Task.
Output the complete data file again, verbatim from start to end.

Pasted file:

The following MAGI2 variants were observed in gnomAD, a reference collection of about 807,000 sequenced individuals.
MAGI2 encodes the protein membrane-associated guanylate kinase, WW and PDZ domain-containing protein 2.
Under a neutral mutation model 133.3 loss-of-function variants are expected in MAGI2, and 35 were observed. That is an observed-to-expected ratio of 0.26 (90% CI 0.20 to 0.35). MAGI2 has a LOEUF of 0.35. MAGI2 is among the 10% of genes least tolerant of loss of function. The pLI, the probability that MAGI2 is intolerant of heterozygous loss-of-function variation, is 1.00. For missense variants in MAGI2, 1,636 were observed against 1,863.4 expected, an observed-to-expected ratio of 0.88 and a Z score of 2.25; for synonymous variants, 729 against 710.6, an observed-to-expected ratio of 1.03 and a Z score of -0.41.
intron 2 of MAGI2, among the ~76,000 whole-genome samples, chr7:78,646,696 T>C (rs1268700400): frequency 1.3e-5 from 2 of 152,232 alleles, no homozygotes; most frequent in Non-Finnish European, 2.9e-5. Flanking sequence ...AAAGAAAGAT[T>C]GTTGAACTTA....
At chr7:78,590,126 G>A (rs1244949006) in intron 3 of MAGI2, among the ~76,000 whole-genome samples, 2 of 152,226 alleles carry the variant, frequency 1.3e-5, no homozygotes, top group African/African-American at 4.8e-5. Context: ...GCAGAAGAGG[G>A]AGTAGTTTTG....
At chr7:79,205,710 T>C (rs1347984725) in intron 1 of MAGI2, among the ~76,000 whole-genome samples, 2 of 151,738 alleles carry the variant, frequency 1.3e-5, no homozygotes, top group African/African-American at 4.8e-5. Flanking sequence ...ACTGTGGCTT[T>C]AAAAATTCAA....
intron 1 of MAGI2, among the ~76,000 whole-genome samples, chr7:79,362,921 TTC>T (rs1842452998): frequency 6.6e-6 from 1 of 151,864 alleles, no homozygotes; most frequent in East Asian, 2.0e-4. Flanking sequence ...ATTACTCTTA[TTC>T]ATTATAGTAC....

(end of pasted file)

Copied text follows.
The following MAGI2 variants were observed in gnomAD, a reference collection of about 807,000 sequenced individuals.
MAGI2 encodes the protein membrane-associated guanylate kinase, WW and PDZ domain-containing protein 2.
Under a neutral mutation model 133.3 loss-of-function variants are expected in MAGI2, and 35 were observed. That is an observed-to-expected ratio of 0.26 (90% CI 0.20 to 0.35). MAGI2 has a LOEUF of 0.35. MAGI2 is among the 10% of genes least tolerant of loss of function. The pLI, the probability that MAGI2 is intolerant of heterozygous loss-of-function variation, is 1.00. For missense variants in MAGI2, 1,636 were observed against 1,863.4 expected, an observed-to-expected ratio of 0.88 and a Z score of 2.25; for synonymous variants, 729 against 710.6, an observed-to-expected ratio of 1.03 and a Z score of -0.41.
intron 2 of MAGI2, among the ~76,000 whole-genome samples, chr7:78,646,696 T>C (rs1268700400): frequency 1.3e-5 from 2 of 152,232 alleles, no homozygotes; most frequent in Non-Finnish European, 2.9e-5. Flanking sequence ...AAAGAAAGAT[T>C]GTTGAACTTA....
At chr7:78,590,126 G>A (rs1244949006) in intron 3 of MAGI2, among the ~76,000 whole-genome samples, 2 of 152,226 alleles carry the variant, frequency 1.3e-5, no homozygotes, top group African/African-American at 4.8e-5. Context: ...GCAGAAGAGG[G>A]AGTAGTTTTG....
At chr7:79,205,710 T>C (rs1347984725) in intron 1 of MAGI2, among the ~76,000 whole-genome samples, 2 of 151,738 alleles carry the variant, frequency 1.3e-5, no homozygotes, top group African/African-American at 4.8e-5. Flanking sequence ...ACTGTGGCTT[T>C]AAAAATTCAA....
intron 1 of MAGI2, among the ~76,000 whole-genome samples, chr7:79,362,921 TTC>T (rs1842452998): frequency 6.6e-6 from 1 of 151,864 alleles, no homozygotes; most frequent in East Asian, 2.0e-4. Flanking sequence ...ATTACTCTTA[TTC>T]ATTATAGTAC....